Metro officials were unable to explain yesterday why a Blue Line train derailed as it approached the National Airport station Wednesday night.

A switch that the train passed over was found to be slightly open after the train passed over it, but Metro officials said they could not tell whether the switch was improperly set before the derailment or if it was moved by the train as it went off the track. A Metro spokesman had initially said the derailment was caused by a switch malfunction.

No injuries to the 25 to 30 passengers were reported, according to Joe H. Sheard, director of rail services for Metro. Evacuation of the train took about 14 minutes from the time it went off the tracks, according to Sheard. Although the evacuation procedures will be examined as part of the accident investigation, Sheard said that he thought the passengers were taken off the train "in a very professional and very expedited manner."

The train derailed at 8:25 p.m. just past the top of the incline that brings it from below ground to the raised platform at the National Airport station. Because maintenance crews were performing "unscheduled routine maintenance" in the area at the time of the derailment, the train was being operated manually, according to Joseph P. Greenway, general superintendent of systems maintenance for Metro. Two other trains had passed over the same point in the previous half hour without incident.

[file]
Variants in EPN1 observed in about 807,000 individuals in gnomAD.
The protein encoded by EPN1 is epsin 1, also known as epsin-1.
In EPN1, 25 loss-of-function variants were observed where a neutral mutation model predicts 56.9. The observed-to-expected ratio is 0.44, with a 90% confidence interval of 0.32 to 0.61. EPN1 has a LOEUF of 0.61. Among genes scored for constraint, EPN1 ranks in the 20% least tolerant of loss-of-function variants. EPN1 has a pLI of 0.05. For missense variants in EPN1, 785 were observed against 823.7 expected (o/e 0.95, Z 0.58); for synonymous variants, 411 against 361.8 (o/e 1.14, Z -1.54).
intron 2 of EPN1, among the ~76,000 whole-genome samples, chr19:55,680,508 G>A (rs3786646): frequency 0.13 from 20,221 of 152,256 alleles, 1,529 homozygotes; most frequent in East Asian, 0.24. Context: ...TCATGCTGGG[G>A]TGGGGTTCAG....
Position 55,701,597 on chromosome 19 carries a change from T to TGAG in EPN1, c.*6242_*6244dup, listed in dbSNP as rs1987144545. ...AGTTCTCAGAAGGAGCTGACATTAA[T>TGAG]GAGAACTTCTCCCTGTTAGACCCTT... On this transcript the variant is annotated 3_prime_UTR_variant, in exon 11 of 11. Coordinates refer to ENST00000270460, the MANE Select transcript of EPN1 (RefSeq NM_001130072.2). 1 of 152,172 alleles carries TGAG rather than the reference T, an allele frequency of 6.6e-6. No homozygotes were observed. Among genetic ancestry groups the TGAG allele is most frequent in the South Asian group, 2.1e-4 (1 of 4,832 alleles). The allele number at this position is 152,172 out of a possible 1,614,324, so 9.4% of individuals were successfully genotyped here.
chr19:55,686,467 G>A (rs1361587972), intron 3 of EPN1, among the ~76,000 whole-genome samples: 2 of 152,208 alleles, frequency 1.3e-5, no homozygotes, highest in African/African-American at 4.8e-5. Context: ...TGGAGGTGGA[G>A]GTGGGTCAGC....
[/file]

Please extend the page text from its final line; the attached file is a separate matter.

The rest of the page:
According to Greenway, the train was going no more than five to seven miles an hour. Ultimately, only half of one car was derailed. Greenway said the train operator stopped the train as soon as he felt the train had derailed.

Sheard said it was "not possible" that the train could have fallen from the elevated tracks.

Greenway said that service to National Airport, which was disrupted when the power was shut off to evacuate the train and to get it back on the track, was restored at 10:50 p.m. The train was repositioned on the track by 1:20 a.m. and moved off under its own power. The affected car was removed from service to determine if had been damaged and to see if any defect in it may have caused the accident, Sheard said.

Metro officials investigating the derailment will not have answers to several questions until computer tapes that record the performance of the subway system's mechanical system are decoded and analyzed. Sheard said he has asked for a report by next week, but would allow more time to ensure a complete investigation.

The only other Metrorail derailment this year was the accident near the Smithsonian and Federal Triangle stations on Jan. 13 in which three passengers were killed.

The National Transportation Safety Board sent an investigator to the derailment site to see if safety issues similar to those involved in the Jan. 13 accident were involved in the derailment. Beyond that step, a spokesman said, the board has not undertaken its own investigation.